Mutare is home to 188,243 inhabitants and is Zimbabwe’s fourth largest city.
What started off as a camp for gold miners blossomed into a beautiful modern city. Mutare was granted city status in 1971, and it is the administrative and financial centre of Manicaland Province.
Most of the town’s residents are of Shona ethnicity. Mutare is also a tourist centre, is located near the Vumba and Nyanga Mountains and Murahwa Hill.
Mutare’s residents mainly engage in farming, cattle-keeping, and mining. The city’s historical attractions include the Utopia House Museum, National Gallery of Zimbabwe and Mutare Museum.
The rest of Zimbabwe’s cities and their respective populations are Epworth (152,116); Gweru (141,862); Kwekwe (100,900); Kadoma (77,749); Masvingo (72,527) and Chinhoyi (63,014).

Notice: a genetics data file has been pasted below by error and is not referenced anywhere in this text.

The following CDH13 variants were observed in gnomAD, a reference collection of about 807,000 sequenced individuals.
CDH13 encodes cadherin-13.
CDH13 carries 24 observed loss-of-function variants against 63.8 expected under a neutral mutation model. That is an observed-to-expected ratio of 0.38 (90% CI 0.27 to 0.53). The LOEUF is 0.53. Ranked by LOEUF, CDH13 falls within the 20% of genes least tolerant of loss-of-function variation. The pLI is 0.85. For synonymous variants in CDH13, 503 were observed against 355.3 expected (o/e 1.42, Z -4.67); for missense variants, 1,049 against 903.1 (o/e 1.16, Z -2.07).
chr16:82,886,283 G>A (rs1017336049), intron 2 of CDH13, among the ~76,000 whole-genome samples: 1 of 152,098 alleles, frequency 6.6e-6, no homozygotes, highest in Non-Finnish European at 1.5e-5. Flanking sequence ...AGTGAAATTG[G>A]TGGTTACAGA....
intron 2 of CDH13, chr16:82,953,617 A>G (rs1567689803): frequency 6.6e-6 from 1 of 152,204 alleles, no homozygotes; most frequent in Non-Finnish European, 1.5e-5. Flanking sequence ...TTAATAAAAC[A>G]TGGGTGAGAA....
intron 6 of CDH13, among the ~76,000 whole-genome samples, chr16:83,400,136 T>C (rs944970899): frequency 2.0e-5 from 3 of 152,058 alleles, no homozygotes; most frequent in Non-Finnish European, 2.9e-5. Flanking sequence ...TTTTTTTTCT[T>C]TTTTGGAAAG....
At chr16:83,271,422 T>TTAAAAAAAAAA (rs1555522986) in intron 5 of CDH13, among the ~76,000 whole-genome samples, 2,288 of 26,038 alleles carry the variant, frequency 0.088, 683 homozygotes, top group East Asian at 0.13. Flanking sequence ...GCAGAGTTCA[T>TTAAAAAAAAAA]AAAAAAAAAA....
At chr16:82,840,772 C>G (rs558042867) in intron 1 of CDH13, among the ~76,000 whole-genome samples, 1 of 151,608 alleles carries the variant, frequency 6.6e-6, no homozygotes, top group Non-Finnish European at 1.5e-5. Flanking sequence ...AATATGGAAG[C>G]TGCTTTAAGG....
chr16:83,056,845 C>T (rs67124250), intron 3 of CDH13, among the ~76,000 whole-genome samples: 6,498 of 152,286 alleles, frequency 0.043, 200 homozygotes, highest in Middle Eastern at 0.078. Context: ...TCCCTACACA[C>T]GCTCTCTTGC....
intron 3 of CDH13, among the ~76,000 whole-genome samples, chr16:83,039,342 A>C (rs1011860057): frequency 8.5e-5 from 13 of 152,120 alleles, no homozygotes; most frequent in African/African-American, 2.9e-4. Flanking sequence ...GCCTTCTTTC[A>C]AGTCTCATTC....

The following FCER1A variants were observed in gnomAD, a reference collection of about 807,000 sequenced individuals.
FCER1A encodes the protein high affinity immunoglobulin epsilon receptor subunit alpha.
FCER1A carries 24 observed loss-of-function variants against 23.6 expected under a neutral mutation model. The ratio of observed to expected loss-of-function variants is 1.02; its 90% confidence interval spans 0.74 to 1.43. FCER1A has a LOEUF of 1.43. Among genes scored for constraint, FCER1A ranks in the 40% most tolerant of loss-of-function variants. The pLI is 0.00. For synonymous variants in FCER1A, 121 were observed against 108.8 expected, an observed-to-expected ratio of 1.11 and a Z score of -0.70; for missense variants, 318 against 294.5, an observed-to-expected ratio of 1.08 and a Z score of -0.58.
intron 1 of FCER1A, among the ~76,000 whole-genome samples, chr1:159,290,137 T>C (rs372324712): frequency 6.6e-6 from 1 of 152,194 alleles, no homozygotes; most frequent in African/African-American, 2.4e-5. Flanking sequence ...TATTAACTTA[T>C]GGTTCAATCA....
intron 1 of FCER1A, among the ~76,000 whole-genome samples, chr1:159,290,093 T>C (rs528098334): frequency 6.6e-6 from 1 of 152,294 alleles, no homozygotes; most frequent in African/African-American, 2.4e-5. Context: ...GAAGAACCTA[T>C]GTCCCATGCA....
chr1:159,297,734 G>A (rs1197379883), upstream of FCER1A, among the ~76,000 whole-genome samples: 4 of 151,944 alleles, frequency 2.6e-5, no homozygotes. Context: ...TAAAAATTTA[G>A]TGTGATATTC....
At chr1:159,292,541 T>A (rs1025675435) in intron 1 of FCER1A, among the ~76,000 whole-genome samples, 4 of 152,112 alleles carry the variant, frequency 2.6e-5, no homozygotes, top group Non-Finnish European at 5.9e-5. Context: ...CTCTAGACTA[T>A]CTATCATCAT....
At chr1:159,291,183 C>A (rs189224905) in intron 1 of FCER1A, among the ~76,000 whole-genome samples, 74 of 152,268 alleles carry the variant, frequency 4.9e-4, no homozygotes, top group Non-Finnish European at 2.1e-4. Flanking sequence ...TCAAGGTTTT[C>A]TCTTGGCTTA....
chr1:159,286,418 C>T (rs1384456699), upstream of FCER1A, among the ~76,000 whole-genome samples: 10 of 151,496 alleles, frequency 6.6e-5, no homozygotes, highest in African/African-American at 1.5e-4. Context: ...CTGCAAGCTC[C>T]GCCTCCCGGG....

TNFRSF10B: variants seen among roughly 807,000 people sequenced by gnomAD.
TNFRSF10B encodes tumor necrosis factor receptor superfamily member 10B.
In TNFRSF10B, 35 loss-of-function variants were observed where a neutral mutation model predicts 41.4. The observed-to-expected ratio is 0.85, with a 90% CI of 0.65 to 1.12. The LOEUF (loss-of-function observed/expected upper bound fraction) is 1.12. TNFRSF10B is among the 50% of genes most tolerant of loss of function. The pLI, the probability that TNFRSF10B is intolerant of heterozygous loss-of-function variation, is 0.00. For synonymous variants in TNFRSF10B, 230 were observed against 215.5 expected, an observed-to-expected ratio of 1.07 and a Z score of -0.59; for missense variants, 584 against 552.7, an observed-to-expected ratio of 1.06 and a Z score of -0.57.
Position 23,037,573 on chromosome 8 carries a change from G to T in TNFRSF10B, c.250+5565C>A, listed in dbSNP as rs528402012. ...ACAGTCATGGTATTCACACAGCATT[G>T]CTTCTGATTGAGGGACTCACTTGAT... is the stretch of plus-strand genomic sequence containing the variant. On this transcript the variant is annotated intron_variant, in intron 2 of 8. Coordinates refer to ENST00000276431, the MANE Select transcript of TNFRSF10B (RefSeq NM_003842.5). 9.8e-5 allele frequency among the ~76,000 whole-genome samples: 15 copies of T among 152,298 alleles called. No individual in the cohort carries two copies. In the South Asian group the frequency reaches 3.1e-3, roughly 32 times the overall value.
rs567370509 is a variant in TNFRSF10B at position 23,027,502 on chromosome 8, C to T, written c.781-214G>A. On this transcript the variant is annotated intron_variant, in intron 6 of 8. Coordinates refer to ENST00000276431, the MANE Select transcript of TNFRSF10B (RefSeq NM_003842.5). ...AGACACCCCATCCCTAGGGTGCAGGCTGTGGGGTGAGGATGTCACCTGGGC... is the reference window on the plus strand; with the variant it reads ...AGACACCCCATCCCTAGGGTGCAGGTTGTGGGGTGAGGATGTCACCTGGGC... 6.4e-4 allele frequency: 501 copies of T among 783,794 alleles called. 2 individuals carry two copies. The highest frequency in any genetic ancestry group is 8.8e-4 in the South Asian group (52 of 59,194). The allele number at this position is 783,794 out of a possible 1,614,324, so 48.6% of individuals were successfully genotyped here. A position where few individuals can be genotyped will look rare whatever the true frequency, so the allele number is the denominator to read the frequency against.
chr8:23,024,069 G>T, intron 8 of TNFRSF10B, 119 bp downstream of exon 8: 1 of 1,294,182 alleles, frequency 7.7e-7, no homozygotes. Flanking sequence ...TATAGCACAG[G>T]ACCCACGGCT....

By 2020, Zimbabwe’s population is estimated to be about 17.37 million. The country is set to experience high rates of rural-urban migration, and there is a need for proper planning in the country’s cities to keep up with the influx of new residents.
Downstream are Matusadona and Mana Pools national parks, home to hippos, rhinos and birdlife.
Since the 11th century, present-day Zimbabwe has been the site of several organised states and kingdoms as well as a major route for migration and trade.
The British South Africa Company of Cecil Rhodes first demarcated the present territory during the 1890s; it became the self-governing British colony of Southern Rhodesia in 1923.
In 1965, the conservative white minority government unilaterally declared independence as Rhodesia.
The state endured international isolation and a 15-year guerrilla war with black nationalist forces; this culminated in a peace agreement that established universal enfranchisement and de jure sovereignty as Zimbabwe in April 1980.
Zimbabwe then joined the Commonwealth of Nations, from which it was suspended in 2002 for breaches of international law by its then government and from which it withdrew from in December 2003.